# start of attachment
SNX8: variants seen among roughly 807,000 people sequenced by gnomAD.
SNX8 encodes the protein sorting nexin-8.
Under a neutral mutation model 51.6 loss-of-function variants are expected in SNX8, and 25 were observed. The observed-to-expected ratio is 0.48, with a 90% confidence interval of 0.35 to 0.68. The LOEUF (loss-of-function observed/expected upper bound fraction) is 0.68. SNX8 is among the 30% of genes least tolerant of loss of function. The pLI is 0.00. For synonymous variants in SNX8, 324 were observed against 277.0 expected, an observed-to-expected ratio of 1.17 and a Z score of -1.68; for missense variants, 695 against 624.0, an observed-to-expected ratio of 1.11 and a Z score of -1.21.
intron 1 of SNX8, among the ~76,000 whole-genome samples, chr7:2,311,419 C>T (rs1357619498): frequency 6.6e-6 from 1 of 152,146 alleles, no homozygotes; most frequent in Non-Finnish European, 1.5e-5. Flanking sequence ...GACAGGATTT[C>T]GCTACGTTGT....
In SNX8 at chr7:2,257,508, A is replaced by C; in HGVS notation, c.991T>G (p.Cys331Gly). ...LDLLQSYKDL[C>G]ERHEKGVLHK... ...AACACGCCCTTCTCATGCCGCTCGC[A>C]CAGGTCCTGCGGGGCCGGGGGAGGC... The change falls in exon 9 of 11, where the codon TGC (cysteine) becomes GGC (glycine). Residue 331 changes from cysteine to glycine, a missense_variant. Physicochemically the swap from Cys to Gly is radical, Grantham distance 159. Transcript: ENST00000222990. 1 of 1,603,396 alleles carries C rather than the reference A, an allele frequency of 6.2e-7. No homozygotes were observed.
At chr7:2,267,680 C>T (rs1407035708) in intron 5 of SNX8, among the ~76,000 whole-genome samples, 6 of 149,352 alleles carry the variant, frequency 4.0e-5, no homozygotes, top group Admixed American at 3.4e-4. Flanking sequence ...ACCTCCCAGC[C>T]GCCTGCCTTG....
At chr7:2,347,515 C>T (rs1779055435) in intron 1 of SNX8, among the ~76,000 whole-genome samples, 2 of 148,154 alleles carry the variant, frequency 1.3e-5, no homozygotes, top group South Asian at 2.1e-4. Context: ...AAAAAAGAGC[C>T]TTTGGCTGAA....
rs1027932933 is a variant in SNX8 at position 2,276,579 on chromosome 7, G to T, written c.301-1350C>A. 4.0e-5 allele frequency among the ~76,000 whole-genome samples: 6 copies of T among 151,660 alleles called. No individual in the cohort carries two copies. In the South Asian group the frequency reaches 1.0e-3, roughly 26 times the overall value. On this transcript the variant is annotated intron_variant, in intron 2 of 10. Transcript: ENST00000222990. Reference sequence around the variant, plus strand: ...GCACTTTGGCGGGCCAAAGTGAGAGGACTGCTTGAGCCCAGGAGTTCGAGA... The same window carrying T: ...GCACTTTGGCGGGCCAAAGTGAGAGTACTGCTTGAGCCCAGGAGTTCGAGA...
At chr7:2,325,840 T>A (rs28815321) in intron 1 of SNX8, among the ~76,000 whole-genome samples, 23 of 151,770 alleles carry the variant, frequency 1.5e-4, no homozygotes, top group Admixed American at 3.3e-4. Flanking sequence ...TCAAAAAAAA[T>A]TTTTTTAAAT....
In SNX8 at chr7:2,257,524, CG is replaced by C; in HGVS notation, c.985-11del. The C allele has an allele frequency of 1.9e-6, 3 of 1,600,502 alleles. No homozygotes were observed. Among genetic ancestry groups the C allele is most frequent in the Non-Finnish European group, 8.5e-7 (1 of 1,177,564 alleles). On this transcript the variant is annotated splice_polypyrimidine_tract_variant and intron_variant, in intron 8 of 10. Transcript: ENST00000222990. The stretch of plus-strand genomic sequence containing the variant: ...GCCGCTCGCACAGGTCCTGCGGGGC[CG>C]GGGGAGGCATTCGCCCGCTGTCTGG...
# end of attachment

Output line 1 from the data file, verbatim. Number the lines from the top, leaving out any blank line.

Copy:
SNX8: variants seen among roughly 807,000 people sequenced by gnomAD.